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Salon owners and stylists in Santa Clara County require that the county public health department tell them when they will be able to reopen their beauty salons.
Two dozen salon owners and stylists protested outside the Santa Clara Department of Public Health building in San José on Monday afternoon, singing, “End the wait! Give us an appointment!
Unlike other reopening protests, all protesters wore face masks and kept separate from each other. Social distancing measures are key to his reopening argument: salon owners and stylists say their businesses are safer than many that have already reopened, and they’re willing to do whatever it takes to keep their workplaces safe. and toilets. They just want to go back to work.
“This is the new standard. Things won’t go back to where they were, ”said Erica Martin, stylist at W’s Salon in San José. “And it is time that you allow us to show you that we can operate safely. Let’s go back to our work environments and show him that we can follow the new guidelines and that we will follow the new guidelines. “
Classrooms in Santa Clara County have been closed since March 16, when the county closed all “nonessential services” to curb the spread of COVID-19. In the past few weeks, nearby counties, including Contra Costa and San Mateo, have allowed reopening of classrooms, but Santa Clara has not set a date for when its classrooms will be allowed to resume business.
Salon owners and stylists protesting Monday hope the date will be included as part of the new county health order, to be released later this week.
So far, Santa Clara County has reopened in-store purchases, takeaways, and cookouts, but not nail or nail salons. It is a division that protesters view with skepticism, arguing that their classrooms are already “cleaner than a Walmart.” They attribute that cleanliness to the required customer safety, disinfection, and sanitation training as part of the 1,600 hours of training required to become a licensed cosmetologist in the state of California.
If they reopen, the owners say, they’re also prepared to require stylists and clients to wear masks, check door temperatures, and only serve one client at a time. To demonstrate this, a protester wearing an eye protector over her face mask brought a lounge chair and a sample of the reopening provisions: gloves, cleaning spray and a thermometer.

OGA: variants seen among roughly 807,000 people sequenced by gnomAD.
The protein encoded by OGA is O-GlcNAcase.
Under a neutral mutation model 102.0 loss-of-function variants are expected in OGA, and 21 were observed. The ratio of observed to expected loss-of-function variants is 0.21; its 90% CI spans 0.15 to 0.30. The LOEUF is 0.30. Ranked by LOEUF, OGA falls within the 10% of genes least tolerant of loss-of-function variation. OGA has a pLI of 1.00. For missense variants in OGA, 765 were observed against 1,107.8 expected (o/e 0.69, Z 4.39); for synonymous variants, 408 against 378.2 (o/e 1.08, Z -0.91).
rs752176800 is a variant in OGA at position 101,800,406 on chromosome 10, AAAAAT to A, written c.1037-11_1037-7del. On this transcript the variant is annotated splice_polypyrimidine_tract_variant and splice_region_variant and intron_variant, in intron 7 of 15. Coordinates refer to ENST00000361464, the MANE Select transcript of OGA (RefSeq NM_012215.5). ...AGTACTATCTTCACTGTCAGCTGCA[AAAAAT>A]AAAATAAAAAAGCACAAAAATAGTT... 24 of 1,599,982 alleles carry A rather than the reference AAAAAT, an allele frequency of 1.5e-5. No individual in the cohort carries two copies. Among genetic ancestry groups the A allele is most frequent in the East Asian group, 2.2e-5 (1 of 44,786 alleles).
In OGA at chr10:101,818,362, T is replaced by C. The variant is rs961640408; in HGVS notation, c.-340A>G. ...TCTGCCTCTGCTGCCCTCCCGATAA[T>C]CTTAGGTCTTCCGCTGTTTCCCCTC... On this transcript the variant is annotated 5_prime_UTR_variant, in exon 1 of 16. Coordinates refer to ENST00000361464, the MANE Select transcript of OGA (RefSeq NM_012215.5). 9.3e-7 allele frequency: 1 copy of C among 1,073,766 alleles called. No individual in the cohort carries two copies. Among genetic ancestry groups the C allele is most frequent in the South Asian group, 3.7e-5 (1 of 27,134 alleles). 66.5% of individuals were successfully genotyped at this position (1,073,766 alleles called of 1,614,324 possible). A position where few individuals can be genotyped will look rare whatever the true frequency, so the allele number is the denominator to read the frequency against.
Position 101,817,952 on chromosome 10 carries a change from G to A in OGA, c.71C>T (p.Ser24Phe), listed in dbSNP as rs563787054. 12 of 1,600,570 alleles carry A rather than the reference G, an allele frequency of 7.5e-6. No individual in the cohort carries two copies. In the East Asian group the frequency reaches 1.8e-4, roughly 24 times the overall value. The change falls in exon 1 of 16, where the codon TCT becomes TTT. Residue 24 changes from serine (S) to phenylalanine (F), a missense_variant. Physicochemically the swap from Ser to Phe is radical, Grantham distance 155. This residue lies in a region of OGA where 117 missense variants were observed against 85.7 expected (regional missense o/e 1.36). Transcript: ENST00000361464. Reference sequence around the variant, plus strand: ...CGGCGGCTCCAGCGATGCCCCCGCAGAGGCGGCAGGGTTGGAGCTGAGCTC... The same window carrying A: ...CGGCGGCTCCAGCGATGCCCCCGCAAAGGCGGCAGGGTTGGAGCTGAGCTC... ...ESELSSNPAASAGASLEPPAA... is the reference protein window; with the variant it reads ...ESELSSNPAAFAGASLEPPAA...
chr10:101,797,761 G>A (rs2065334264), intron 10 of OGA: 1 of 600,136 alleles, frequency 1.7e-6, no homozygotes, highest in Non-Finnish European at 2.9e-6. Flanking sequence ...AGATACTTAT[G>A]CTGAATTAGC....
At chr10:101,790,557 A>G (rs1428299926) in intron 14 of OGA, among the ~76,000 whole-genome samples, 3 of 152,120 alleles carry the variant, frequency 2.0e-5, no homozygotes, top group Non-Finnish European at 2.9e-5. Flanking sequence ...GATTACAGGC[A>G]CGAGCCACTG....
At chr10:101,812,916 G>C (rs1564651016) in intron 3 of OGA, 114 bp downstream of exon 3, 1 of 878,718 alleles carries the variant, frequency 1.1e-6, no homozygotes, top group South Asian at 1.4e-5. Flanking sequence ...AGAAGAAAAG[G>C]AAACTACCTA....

They also referenced a highly publicized case in Missouri, where opponents of the reopening sounded the alarm after two stylists tested positive for COVID-19 after potentially exposing 140 clients. Finally, no new infections were linked to the salon.
“We are a very safe industry,” said Mary Hill, owner of Fabu Salon in Campbell. “It is very confusing to us why we are being selected. It is the other way around because we really are one of the cleanest industries. ”
Unable to reopen, protesters say their clients are crossing county lines to get their hair cut, and salons are struggling to stay afloat after months without business.
“My clients will only be loyal to me for so long, especially when they can go 20 minutes to fix their hair,” said Martin.
You were able to get a loan from the Paycheck Protection Program, but you are still reaching out to your savings because you are concerned that the loan is not forgivable. If Santa Clara County doesn’t reopen soon, he says, he may have to follow his clients to San Mateo.
“I have been in my classroom for over 15 years; I have been very loyal to the owner and would not want to have to do that, ”said Martin. “But if you can’t keep the doors open long-term, you can’t even pay the lease to continue service, then I’ll have to look for that option.”
For now, even though the classroom doors are closed, they still have to pay the rent.
Laure Chicoine, owner of the Nirvana Aveda Concept Salon in Los Gatos, has had to reschedule months of appointments. She told protest attendees that she had to suspend her employees in order to rent, which her landlord has not reduced.
But, he said, he is not charging rent to stylists who rent space at his location. The other protesters cheered.
One shouted: “You have come out ahead. What if the county is moving forward now!